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1998 mlb draft

draft list projected top picks past no.1s Baseball America: Projected First-Round Picks

1. Philadelphia Phillies

No clear-cut favorite for the top choice has emerged this spring, making Phillies scouting director Mike Arbuckle's job more difficult. Most of the speculation has centered around three college players, third baseman Pat Burrell and left-handers Mark Mulder and Ryan Mills. Burrell's back problems have complicated matters, but he's the guy the Phillies have wanted all along. Selection: Pat Burrell.

2. Oakland Athletics

The A's have gone heavily for college pitching under scouting director Grady Fuson, and they feel they can't lose with two talented college left-handers available. The big wild card is J.D. Drew, who is widely believed to be Oakland's choice if the A's think they can sign him. Selection: J.D. Drew or Mark Mulder.

3. Chicago Cubs

The Cubs have drafted heavily for pitching under scouting director Jim Hendry, with Kerry Wood being just one example. Mills has perhaps the highest ceiling of any college pitcher in the draft. Outfielder Corey Patterson also has been closely pursued. Selection: Ryan Mills.

4. Kansas City Royals

Scouting director Terry Wetzel's instinct is to draft athletes, but his organization's resources and talent base dictate a more conservative approach. Stanford right-hander Jeff Austin is probably the closest to the major leagues of any player eligible for the draft, though South Carolina shortstop Adam Everett is a tempting choice. Selection: Jeff Austin.

5. St. Louis Cardinals

Though the Cardinals have always been known for speed and athleticism in the big leagues, they have always drafted conservatively, concentrating on college players in the first round. But new scouting director Ed Creech comes from the Expos organization, where high-ceiling athletes are the priority. Selection: Corey Patterson.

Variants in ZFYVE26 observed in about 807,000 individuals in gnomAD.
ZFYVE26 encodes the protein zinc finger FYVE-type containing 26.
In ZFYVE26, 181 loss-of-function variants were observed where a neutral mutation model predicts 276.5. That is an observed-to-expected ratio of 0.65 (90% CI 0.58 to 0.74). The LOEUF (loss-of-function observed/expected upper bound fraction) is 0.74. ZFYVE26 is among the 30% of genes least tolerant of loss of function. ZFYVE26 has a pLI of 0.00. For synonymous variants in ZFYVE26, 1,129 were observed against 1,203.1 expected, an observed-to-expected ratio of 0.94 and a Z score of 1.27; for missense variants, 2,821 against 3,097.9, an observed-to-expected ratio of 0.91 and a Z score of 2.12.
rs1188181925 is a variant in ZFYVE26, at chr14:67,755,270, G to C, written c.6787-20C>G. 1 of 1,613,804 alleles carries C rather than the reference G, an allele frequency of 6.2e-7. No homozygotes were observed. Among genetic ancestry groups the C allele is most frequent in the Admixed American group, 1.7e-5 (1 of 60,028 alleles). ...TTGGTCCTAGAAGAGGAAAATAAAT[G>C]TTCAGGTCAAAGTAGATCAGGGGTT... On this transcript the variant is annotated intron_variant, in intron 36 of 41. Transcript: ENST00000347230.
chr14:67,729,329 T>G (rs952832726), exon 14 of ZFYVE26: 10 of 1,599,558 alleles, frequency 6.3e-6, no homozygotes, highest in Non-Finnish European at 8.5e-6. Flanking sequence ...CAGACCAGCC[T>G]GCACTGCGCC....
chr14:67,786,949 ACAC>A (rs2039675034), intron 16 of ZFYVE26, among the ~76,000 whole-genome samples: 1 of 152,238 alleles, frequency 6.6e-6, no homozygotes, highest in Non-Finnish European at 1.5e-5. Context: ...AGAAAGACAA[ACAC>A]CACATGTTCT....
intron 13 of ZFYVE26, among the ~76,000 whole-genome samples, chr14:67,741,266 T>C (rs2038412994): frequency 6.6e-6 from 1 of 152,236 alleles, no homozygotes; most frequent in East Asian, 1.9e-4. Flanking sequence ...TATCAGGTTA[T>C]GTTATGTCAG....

6. Minnesota Twins

It's no secret what the Twins need: pitching, pitching, pitching. Scouting director Mike Radcliff and special assistant Joe McIlvaine had the responsibility of finding as much as they could. Right-hander J.M. Gold has been the class of the high school pitchers the past two months. Selection: J.M. Gold.

7. Cincinnati Reds

The new blood in the scouting department gave a boost to the Reds' beleaguered staff, but the important decisions are probably still made by veteran scout Al Goldis and general manager Jim Bowden's group of special assistants and advisers. The Reds might pull a surprise and select a player like prep corner infielder Austin Kearns, much as they selected Brandon Larson last year. Selection: Kip Wells.

8. Toronto Blue Jays

Tim Wilken has shown a preference for players with high-ceiling hitting potential. Given Toronto's continued offensive struggles in the big leagues, such an approach is understandable. The choice appears to have come down to Chip Ambres or powerful Ben Diggins. Selection: Chip Ambres.

9. San Diego Padres

The Padres have focused on high school third baseman Sean Burroughs and Stanford right-hander Chad Hutchinson most of the spring, though both have significant signability baggage. Burroughs is the best high school hitter in the draft, and the Phillies have even talked about him with the top pick. Selection: Sean Burroughs.

10. Texas Rangers

While the Rangers need an injection of up-the-middle talent, this isn't the year. In Carlos Pena, the Rangers could get a rare commodity, a young college player who has proven he can handle a wood bat. In shortstop Felipe Lopez, they would get a defensive whiz. Selection: Carlos Pena.